Serious theatre professionals in India have their task far from cut out. There is no money in it. There are no rehearsal spaces. Original scripts are not really pouring in. And there are not enough good theatres. No wonder, then, there is also not enough of an audience for serious non-commercial theatre. By this logic, Arundhati Nag, an acclaimed actor, is madder than most. Midway through her professional career, she decided to embark on a daunting project: building a high quality theatre in Bangalore.
Ranga Shankara, with a 300- seat auditorium, opened in 2004. Almost three years, 900 shows and 1,75,000 filled seats later, Nag wonders how she was able to do it. She had begun only with a dream, widespread goodwill, a close team and a great deal of faith. Now, she can afford to say that destiny is probably involved. “I have been trying to build a bathroom for so long, but it is just not happening,” she laughs.
“Ranga” is Kannada for stage, and “Shankara” is a nod to the late Shankar Nag, whose dream it was to build such a theatre as a “home” for the theatre community. Shankar was an inspirational theatre and film personality who also directed the unforgettable serial based on R.K. Narayan’s Malgudi Days on Doordarshan in the 1980s. He moved from Mumbai to Bangalore with his wife in 1980. The lack of good performance spaces immediately hit them hard. The only real, affordable venue at the time was Ravindra Kalakshetra, a cavernous 1,000-seater that was hard to get, and harder to fill. Over the years, Shankar made many unsuccessful attempts to build a theatre. When an accident claimed him in 1990 and confined Nag to hospital for many months, the dream was still unrealized. Later, for Nag, picking up the pieces meant realizing the dream.
The design of Ranga Shankara builds on the example of Mumbai’s Prithvi. M.S. Sathyu, who together with Nag, defined the vision and the brief for the building, took Sharukh Mistry, the architect, around the country to study the designs of other theatres. Few theatre builders—whether clients, architects or designers—realize how crucial and complex the design actually is.
A performance space that enables a human bond between actor and audience, over the short period of a performance, is a catalyst for a vibrant theatrical culture. If such a space sits within a building and campus that is genuinely welcoming, the place becomes a tool for building a public for theatre. Rare is the Indian theatre that does either.
Like its model, Prithvi, Ranga Shankara does both, and better than most in the country. Its design and fitment focuses on the engagement between actor and audience, as well as between the visitor and the place as a whole. The choice of the thrust stage—a stage that literally “thrusts” out into the audience so that the mass of viewers “embrace” the actors from three sides—enables the former. The completely penetrable ground floor has a cafe in the side open space and is the central gesture for achieving the latter.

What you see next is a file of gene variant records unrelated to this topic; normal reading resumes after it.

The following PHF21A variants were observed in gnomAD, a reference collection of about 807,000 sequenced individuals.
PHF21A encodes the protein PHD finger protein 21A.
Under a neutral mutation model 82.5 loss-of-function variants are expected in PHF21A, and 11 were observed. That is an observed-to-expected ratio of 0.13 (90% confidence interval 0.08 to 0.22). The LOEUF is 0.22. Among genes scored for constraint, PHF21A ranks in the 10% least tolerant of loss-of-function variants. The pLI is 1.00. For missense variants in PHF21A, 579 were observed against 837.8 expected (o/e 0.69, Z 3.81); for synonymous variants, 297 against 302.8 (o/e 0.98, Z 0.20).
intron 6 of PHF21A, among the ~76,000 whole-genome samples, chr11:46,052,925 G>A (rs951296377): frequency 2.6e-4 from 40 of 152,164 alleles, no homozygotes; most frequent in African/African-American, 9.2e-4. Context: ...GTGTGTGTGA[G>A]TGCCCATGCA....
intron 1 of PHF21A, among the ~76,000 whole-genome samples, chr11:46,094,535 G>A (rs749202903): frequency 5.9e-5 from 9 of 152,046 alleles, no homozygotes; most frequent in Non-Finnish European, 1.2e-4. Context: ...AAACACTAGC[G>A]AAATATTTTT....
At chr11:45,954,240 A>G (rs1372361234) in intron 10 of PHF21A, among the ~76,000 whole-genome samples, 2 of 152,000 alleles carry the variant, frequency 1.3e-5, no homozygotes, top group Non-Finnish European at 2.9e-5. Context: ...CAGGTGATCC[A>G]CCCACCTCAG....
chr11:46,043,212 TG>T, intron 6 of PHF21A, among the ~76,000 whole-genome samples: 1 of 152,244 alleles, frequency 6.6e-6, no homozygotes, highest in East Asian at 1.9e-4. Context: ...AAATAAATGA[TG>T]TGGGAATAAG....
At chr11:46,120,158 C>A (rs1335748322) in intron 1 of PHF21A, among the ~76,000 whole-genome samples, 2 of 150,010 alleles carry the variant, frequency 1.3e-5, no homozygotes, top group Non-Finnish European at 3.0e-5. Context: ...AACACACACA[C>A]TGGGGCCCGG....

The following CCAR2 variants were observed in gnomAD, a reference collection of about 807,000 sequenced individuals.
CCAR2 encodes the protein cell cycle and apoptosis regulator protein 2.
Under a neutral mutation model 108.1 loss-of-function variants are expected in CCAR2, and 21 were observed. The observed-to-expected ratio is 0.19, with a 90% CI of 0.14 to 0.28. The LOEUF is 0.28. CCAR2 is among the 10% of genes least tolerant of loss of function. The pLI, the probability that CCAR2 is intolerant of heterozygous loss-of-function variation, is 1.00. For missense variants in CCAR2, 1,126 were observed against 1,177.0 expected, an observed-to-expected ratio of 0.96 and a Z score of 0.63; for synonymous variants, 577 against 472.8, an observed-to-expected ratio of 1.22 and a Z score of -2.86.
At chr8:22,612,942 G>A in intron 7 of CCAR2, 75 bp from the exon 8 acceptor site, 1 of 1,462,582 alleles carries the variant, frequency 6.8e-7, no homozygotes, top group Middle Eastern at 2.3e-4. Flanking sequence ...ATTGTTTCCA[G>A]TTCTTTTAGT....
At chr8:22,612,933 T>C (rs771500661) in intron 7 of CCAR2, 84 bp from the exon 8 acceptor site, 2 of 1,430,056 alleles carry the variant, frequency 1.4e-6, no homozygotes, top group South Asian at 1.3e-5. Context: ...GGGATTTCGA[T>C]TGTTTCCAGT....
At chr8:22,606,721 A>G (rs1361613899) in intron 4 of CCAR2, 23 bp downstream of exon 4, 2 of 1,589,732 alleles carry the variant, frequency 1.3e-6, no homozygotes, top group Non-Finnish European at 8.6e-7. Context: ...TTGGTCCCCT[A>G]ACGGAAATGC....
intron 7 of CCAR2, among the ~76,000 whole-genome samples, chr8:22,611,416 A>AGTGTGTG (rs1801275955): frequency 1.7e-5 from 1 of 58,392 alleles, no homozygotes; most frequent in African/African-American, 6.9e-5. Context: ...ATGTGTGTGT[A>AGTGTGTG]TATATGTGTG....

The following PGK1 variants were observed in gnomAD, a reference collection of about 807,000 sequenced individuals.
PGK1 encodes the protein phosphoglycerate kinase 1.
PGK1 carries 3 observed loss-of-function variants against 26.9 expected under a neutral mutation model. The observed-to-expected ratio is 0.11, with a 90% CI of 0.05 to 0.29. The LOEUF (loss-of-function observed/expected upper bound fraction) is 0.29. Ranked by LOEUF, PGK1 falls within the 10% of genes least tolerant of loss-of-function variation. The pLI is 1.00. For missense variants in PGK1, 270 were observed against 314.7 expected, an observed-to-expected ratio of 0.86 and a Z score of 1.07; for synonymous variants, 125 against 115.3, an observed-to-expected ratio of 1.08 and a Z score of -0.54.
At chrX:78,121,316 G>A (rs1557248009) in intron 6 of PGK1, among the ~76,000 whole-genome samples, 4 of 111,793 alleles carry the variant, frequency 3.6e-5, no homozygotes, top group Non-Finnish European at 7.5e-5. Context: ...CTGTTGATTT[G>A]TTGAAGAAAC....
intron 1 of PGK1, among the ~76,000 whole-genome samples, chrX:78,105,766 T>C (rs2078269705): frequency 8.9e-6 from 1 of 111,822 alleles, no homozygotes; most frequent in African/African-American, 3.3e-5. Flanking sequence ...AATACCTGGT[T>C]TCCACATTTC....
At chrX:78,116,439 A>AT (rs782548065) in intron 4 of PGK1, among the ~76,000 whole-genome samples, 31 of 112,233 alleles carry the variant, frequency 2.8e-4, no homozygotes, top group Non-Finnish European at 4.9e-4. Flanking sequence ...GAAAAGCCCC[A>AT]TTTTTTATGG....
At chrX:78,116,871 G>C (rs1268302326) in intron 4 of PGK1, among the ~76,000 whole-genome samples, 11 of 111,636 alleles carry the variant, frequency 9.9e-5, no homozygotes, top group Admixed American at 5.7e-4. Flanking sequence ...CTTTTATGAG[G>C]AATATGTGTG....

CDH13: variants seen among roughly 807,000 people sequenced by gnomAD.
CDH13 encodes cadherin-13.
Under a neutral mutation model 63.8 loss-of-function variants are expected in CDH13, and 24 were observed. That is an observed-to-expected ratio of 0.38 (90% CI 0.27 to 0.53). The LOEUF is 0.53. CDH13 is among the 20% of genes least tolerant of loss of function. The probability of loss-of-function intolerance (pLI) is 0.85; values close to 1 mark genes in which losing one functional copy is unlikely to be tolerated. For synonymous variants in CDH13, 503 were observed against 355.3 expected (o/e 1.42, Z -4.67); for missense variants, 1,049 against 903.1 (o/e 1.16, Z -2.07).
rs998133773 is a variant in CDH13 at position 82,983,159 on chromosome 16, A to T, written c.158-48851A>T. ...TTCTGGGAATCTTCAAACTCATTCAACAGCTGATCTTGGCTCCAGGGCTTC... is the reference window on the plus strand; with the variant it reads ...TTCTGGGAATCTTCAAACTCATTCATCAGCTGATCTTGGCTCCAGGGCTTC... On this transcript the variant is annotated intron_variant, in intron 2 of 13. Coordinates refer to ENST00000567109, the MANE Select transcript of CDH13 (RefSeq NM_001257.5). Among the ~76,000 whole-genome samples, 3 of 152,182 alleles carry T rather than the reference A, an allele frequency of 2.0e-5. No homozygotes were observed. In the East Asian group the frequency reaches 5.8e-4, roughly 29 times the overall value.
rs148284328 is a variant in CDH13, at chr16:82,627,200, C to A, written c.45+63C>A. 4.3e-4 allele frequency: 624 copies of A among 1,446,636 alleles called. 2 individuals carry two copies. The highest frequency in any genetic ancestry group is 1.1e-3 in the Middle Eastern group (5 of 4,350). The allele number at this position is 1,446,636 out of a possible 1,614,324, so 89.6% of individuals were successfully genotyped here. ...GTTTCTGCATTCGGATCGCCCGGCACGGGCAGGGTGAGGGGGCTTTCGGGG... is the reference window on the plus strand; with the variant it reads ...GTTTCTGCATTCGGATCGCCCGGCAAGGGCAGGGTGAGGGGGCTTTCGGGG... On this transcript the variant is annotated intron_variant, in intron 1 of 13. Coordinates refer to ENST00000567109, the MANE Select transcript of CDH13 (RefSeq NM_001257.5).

In an unusual move, the auditorium has been elevated, leaving the ground free for the foyer which can be used in both formal and informal ways, for exhibitions, discussions, rehearsals and even performances. A dramatic, but slightly overstated, staircase leading up to the auditorium is the centrepiece of the space. The foyer is open to the front and one side, and easily extends outdoors. The cafe into which it extends, ensures that the expanse has buzz. A bookshop is another destination on the other side. There is also a promising terrace, whose potential has yet to be fully exploited.
The auditorium was meant to be intimate, but the stage had to be generous for the performer. So, it seats only 300, the bare minimum for financial viability, while the stage can hold bigger performances than one would expect.
The seating is on continuous sofas, as at Prithvi, which makes for a sense of connection in the audience. It is also cheaper than providing individual chairs.
The provisions backstage are equally well thought out, such as the provisions for green rooms, toilets and the movement of scenery to the stage on the upper floor.
Many theatre people in India are today building small performance spaces for themselves, frustrated with the quality of theatres built by governments and private bodies. Ranga Shankara was put together by a series of donations and contributions—from land leased by the state government for 30 years (only), and cement given by Jindal, to bathroom tiles from one supplier (and free labour for fixing them from another). Ranga Shankara is more unusual because Nag stepped out of a budding career to build a theatre for other performers to call home. She had the backing of an eminent board at the Sanket Trust—Girish Karnad, its chairman, Surendranath S. and Vijay Padaki are members—which owns the theatre. But the burden of seeing it through was largely Nag’s. Does she regret the digression from her acting career?
“Not really,” she says, “every theatre person wants to build a theatre. The fact that Ranga Shankara has been up and running for three years is very heartening. It was not meant to be a personal space—it is for everyone. I see this as an extension of a friend who is missing—Shankar—who had a great ability to leap into the future.” As on stage, so in the building: Personal emotion and public expression come together.
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